1. Pro is contradicting himself here, I get that even necessary truisms have the right place to say, but he has not proved the unnecessary truisms are worth it in the first place. If even mentioning "The Chinese saying 'thousand miles begins with single steps' is an Idiom and ought to be interpreted symbolically most of the time" (you can see from this source that it's a symbolic proverb -- https://literarydevices.net/a-journey-of-a-thousand-miles-begins-with-a-single-step/#:~:text=Meaning%20of%20%E2%80%9CA%20Journey%20of,about%20determination%20and%20avoiding%20procrastination.) seems unproven to pro, then to him it is an unnecessary truism, and therefore even worse than necessary truism, which can be spoken in the necessary context (in the Bible as a self-help motivation as said above). Pro's attempt to prove that most miles walking begin with your feet, and therefore inapplicable to playing piano, completely undermines the context of the proverb, and could only hinder the parent's attempt to motivate their child to play piano. He himself showed a clear example how unnecessary truism will hamper even the ideals of a necessary truism. This alone should defeat his stance.

2. I don't think pro understands EXACTLY what this topic is talking about. It says truisms, while UNCONSTRUCTIVE, are still worth mentioning. That means every truism that pro supports must be UNCONSTRUCTIVE, in order for him to win. Some examples are "every 60 seconds a minute passes", "My shoe is a shoe", "my username is seldiora", so on and so forth. CONSTRUCTIVE truisms are those that inspire people and are necessary to prove things, such as "If ONLY P can Cause Q, that means No P results in No Q". As such, he is supporting CONSTRUCTIVE truisms in argument B, which help prove Donald Trump may be bad, since there is evidence he is a bad. UNCONSTRUCTIVE truisms would be something like "Trump is currently president", or "people are voting for Trump", or "Trump is a contestant for the election", all three which are not completely necessary to prove the unworthiness of Trump. And he still hasn't proved that truisms 2~4 contribute anything or are worth mentioning at all. With only statements 1, 5~8, it's already enough to know you have evidence that Trump is bad. The unnecessary truisms are not worth mentioning.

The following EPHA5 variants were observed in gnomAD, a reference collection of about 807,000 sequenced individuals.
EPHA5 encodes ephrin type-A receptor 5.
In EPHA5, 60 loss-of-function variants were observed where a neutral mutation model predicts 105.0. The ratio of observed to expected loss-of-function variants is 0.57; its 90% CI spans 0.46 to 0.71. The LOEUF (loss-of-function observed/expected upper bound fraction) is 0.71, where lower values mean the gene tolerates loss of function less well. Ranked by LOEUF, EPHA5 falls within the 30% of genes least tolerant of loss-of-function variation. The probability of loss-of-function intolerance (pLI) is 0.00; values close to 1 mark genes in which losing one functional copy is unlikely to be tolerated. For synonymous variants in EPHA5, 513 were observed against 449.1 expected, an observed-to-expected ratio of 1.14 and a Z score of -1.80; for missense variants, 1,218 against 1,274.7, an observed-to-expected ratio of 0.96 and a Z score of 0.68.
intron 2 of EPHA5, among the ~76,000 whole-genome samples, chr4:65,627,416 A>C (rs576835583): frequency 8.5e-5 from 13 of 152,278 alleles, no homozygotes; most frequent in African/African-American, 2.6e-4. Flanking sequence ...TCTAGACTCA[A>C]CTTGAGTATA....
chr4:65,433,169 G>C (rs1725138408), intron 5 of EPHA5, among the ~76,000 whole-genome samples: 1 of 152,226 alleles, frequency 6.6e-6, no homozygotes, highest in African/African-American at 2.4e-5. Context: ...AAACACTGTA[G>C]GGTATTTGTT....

I feel like pro's trying to confuse me to get me to support his case (there is a very good symbolic argument for unnecessary truisms, but he has not mentioned it and I do not recommend bringing it up in the very end, as you cannot refute my refutation), but in the end, proverbs are still necessary (constructive) truisms, and unnecessary truisms make you look stupid and hamper your ideals, as pro himself displays in round one. 

Remember voters, Pro has to support Truisms that are UNCONSTRUCTIVE to the topic. He proves nothing by supporting excellently grounded truisms necessary for philosophy or crucial to human ethics.